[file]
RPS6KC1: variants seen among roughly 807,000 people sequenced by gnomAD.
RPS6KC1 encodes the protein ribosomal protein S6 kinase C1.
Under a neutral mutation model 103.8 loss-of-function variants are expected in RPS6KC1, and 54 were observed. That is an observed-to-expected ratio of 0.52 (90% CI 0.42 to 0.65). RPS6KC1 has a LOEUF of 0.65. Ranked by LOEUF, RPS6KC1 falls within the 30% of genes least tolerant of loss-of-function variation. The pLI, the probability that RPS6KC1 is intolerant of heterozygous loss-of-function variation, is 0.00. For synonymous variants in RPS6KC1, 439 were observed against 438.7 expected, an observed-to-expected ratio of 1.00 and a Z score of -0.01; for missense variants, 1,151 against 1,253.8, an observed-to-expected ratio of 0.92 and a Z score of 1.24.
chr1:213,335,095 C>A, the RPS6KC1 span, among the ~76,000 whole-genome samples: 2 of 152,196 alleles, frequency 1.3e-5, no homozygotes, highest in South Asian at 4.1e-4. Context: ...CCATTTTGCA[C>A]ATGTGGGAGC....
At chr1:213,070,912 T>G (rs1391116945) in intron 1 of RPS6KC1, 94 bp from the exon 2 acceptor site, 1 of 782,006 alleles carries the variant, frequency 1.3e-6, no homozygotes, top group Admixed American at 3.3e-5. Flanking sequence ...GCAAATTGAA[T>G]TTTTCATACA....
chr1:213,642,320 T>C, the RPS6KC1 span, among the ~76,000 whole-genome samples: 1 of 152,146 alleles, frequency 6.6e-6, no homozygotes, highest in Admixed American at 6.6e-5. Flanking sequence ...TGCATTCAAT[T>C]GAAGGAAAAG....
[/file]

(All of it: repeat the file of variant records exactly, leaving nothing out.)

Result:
RPS6KC1: variants seen among roughly 807,000 people sequenced by gnomAD.
RPS6KC1 encodes the protein ribosomal protein S6 kinase C1.
Under a neutral mutation model 103.8 loss-of-function variants are expected in RPS6KC1, and 54 were observed. That is an observed-to-expected ratio of 0.52 (90% CI 0.42 to 0.65). RPS6KC1 has a LOEUF of 0.65. Ranked by LOEUF, RPS6KC1 falls within the 30% of genes least tolerant of loss-of-function variation. The pLI, the probability that RPS6KC1 is intolerant of heterozygous loss-of-function variation, is 0.00. For synonymous variants in RPS6KC1, 439 were observed against 438.7 expected, an observed-to-expected ratio of 1.00 and a Z score of -0.01; for missense variants, 1,151 against 1,253.8, an observed-to-expected ratio of 0.92 and a Z score of 1.24.
chr1:213,335,095 C>A, the RPS6KC1 span, among the ~76,000 whole-genome samples: 2 of 152,196 alleles, frequency 1.3e-5, no homozygotes, highest in South Asian at 4.1e-4. Context: ...CCATTTTGCA[C>A]ATGTGGGAGC....
At chr1:213,070,912 T>G (rs1391116945) in intron 1 of RPS6KC1, 94 bp from the exon 2 acceptor site, 1 of 782,006 alleles carries the variant, frequency 1.3e-6, no homozygotes, top group Admixed American at 3.3e-5. Flanking sequence ...GCAAATTGAA[T>G]TTTTCATACA....
chr1:213,642,320 T>C, the RPS6KC1 span, among the ~76,000 whole-genome samples: 1 of 152,146 alleles, frequency 6.6e-6, no homozygotes, highest in Admixed American at 6.6e-5. Flanking sequence ...TGCATTCAAT[T>C]GAAGGAAAAG....